Sound — 8
Paramore are an American pop rock band releasing albums since 2005. The band currently is a trio, featuring Hayley Williams on vocals, Taylor York on guitar, and Zac Farro on drums. This is Farro's first album since his return to the band earlier this year. He and his brother Josh, both founding members of the band, left in 2010. The supposed story is that the brothers felt Hayley was taking the spotlight in too many ways. While the brothers' departure might still remain controversial, there is no denying that Hayley Williams is the face of the band. From the songwriting credits to stage presence, Hayley is the center of attention.
That being said, what's most interesting about this album is how much there is to like from the other band members. Actually, my favorite part of the album is the bass playing, which isn't even done by a band member, but rather by producer Justin Meldal-Johnsen, who is filling in due to the departure of founding member Jeremy Davis. His tone is firm and, maybe because he's the producer, it's right at the front of the mix, impossible to miss. His playing is also great. Nothing is ever too complicated, but there is always a cool groove going. It's great, the type of thing that doesn't get in the way, but is there if your mind ever needs something interesting to latch onto.
The clean electric guitars of Taylor York are also a standout feature of this album. Their clear tone makes them stand out in the mix. But more importantly, the playing is just so fluid. Sometimes there's something funky but other times there's some really nice arpeggios. This aren't necessarily complicated, but again, just like the bass playing, it completely fills the role that it is supposed to fill.
In general that seems to be the common theme with this album, that the role of nothing is overstated and everything fits in its place. Also just like the bass parts the guitar parts are also perpetual Groove although although these parts are also usually more in the Middle where is the bases somewhere in the you don't have to listen to if you don't want to pay attention.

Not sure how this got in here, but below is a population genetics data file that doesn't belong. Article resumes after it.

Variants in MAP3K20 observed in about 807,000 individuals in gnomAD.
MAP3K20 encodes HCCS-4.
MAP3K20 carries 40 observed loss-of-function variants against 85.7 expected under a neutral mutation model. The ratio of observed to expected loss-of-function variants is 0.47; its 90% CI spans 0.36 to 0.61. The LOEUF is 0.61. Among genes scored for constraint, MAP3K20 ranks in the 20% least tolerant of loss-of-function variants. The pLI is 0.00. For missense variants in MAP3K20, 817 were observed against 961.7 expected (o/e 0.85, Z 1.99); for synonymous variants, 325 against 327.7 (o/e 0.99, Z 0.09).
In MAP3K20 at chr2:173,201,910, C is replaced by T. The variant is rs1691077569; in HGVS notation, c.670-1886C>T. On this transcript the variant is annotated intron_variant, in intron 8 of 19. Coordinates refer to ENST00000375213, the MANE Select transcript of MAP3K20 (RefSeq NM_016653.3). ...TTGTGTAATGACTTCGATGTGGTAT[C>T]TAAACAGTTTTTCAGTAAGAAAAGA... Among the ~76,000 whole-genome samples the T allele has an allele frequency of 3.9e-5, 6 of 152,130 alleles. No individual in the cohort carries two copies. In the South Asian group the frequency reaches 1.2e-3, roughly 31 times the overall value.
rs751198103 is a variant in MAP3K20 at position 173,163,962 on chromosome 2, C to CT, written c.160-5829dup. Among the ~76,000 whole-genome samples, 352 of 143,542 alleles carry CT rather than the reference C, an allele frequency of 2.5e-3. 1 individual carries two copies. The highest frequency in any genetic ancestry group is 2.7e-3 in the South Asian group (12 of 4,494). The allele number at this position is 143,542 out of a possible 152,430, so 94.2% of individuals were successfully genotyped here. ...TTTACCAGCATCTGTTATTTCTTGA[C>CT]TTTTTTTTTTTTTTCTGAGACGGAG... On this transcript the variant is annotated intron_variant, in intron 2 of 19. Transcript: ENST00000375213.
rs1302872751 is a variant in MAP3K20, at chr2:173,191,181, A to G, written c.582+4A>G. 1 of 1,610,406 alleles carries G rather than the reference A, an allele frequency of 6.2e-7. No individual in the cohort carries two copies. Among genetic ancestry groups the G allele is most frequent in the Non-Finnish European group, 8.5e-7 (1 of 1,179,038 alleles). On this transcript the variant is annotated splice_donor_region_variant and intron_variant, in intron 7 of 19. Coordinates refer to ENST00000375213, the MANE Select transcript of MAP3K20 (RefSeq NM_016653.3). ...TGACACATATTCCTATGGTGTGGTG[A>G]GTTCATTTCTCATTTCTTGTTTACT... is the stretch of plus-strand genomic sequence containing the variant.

Perhaps the most spontaneous thing about this album is the drumming; it doesn't seem to ever follow a very particular beat. To be clear, everything is in 4/4; there's nothing weird as far as time signatures. At the same time, none of the rhythms are easy and steady like one might expect with a pop album. There's a lot of playing on the tom-toms. The basic idea seems to be that the snare and the bass drum are hit at the normal times but in between the beats, everything else seems to be fair game. Despite the spontaneity, everything stays in an easy enough to follow rhythm, but overall it's not as form-fitting as the bass or guitar parts.
The songwriting follows the theme of the instruments in that it stays simple, but groovy. The album is a collection of nice, little tunes that never go over five minutes but never below three minutes. As you can imagine the song structures are pretty similar throughout the album, but that doesn't mean the song themselves or similar. It seems like each song has its own little theme and then the songs go about expressing that theme. The result is that most of the songs are catchy and fill their little niche well before cutting out before boredom arrives.
Lyrics — 8
All of this and still and no mention of Hayley Williams's performance on this album. Her performance is perhaps the easiest describe of them all because it is something everyone has heard from her before. If she is the center of the band, it's because her writing and her vocal contributions seem to be the most prolific thing about the band. So ironically, her performance on this album, which is consistent with her other work in Paramore, feels like the simplest performance of them all because of how expected it is. And as expected, her performance flies high.
The lyrics on the album are pretty relatable. Hayley Williams is one of those lyricists who can write about the same old things everyone else does, for example love, loss, and struggle but make it seem personal to the listener.
Overall Impression — 8
Overall, this album is consistently fun and entertaining. It is particularly striking how well these songs would work in a live setting. The songs are concise and groovy; one would think they would get old fast, but they never do. Every instrument has something interesting to offer that would be worth listening to on its own.
Oddly enough, one can easily picture the album as fitting the late spring, early summer timeslot in which it was released. Like everything else on this album, this is a little touch that adds much. After your Laughter from that amazing (terrible joke), you might have some fun if you listen to this album.